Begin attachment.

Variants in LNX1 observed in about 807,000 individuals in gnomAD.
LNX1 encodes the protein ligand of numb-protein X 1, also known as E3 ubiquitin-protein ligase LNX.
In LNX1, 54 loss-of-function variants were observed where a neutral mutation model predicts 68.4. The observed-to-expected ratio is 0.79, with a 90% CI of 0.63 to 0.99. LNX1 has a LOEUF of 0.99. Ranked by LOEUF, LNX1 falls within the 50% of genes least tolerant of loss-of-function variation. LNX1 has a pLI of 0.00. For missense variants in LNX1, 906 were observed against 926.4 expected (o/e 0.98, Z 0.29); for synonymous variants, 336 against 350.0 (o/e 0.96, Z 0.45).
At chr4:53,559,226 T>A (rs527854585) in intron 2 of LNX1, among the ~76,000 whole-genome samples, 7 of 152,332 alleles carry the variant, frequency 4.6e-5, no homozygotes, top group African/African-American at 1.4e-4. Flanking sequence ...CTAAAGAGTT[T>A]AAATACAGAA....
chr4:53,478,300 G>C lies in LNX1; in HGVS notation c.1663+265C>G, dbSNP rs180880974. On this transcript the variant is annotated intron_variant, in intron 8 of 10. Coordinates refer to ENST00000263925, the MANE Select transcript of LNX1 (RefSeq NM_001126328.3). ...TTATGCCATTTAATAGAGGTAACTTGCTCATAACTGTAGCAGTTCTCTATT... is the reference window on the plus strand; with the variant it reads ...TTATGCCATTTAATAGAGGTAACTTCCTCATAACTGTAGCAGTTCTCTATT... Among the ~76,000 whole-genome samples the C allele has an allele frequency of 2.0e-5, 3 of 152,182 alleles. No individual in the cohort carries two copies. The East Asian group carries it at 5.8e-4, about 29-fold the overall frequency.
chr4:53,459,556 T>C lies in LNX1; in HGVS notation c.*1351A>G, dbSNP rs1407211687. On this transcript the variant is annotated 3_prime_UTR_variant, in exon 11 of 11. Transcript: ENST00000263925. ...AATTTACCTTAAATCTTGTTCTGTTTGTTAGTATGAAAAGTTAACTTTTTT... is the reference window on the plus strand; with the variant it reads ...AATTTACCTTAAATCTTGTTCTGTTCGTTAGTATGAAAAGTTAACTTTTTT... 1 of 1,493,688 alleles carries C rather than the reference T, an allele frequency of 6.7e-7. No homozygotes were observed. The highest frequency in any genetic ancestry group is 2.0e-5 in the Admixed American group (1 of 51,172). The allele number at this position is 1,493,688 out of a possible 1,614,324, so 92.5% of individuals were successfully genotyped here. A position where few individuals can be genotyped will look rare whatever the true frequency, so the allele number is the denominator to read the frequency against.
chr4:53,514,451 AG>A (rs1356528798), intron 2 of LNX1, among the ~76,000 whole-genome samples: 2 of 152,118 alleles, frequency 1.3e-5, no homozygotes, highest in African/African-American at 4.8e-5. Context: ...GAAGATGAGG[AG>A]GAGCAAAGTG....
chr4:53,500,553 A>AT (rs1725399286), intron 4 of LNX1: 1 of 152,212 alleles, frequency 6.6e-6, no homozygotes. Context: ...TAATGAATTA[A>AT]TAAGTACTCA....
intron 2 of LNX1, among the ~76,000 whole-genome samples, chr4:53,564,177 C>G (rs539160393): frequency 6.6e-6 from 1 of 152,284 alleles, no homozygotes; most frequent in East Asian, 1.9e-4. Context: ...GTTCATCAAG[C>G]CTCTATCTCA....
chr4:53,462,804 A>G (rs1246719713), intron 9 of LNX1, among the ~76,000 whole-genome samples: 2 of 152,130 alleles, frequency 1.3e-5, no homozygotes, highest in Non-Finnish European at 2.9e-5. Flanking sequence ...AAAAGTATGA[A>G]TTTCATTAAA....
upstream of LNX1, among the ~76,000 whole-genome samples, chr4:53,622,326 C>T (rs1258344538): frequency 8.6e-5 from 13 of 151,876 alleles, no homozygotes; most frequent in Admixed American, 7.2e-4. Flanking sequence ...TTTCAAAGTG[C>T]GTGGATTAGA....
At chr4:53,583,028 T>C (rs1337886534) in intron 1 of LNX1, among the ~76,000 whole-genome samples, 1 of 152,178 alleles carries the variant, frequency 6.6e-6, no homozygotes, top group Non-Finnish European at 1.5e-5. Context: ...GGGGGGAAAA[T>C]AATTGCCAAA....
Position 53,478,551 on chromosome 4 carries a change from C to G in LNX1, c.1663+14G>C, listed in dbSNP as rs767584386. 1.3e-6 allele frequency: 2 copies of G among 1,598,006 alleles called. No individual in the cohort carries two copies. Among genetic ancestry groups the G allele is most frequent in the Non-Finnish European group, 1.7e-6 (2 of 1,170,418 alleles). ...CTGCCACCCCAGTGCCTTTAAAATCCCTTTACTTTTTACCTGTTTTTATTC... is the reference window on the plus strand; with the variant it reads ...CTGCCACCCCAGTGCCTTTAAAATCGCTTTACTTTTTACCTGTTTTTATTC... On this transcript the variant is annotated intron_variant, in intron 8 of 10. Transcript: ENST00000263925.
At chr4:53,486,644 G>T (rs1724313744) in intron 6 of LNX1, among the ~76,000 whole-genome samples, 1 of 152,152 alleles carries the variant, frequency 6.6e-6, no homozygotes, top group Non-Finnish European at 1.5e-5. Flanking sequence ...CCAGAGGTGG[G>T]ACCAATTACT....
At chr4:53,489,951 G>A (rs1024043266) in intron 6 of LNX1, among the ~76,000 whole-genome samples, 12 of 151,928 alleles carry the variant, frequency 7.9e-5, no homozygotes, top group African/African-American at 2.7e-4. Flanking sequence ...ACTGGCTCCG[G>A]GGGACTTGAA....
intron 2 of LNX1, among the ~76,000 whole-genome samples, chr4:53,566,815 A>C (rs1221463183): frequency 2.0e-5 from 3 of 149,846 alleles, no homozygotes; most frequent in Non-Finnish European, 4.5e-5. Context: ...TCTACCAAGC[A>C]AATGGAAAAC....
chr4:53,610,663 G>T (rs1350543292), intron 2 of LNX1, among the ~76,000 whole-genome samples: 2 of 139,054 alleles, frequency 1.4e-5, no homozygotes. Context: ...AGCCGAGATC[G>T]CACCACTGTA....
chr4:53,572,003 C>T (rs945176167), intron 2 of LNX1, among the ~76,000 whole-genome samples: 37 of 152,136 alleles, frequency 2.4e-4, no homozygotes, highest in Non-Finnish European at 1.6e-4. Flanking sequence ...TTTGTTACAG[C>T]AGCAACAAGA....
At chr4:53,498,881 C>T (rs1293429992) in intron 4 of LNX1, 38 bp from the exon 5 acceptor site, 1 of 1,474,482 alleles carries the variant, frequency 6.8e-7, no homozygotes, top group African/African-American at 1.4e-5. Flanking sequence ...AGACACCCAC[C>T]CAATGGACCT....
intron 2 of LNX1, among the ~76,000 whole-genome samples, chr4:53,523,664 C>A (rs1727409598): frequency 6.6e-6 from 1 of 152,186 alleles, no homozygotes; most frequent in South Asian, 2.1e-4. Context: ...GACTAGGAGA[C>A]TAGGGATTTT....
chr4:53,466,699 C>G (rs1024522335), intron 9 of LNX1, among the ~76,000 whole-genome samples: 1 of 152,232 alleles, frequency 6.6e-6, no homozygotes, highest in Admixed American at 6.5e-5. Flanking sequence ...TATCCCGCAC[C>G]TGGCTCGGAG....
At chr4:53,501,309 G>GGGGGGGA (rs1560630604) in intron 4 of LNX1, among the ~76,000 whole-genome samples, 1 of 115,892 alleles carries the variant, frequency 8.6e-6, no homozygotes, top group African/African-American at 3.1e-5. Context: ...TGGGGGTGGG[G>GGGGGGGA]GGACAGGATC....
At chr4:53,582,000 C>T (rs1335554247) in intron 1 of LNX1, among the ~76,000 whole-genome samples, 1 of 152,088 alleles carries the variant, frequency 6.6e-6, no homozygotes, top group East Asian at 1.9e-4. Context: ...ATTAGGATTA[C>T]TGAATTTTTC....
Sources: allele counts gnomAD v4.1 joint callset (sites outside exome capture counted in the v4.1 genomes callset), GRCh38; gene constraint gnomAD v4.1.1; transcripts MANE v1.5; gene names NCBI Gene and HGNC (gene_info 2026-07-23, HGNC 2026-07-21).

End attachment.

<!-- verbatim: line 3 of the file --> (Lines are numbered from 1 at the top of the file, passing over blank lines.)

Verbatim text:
In LNX1, 54 loss-of-function variants were observed where a neutral mutation model predicts 68.4. The observed-to-expected ratio is 0.79, with a 90% CI of 0.63 to 0.99. LNX1 has a LOEUF of 0.99. Ranked by LOEUF, LNX1 falls within the 50% of genes least tolerant of loss-of-function variation. LNX1 has a pLI of 0.00. For missense variants in LNX1, 906 were observed against 926.4 expected (o/e 0.98, Z 0.29); for synonymous variants, 336 against 350.0 (o/e 0.96, Z 0.45).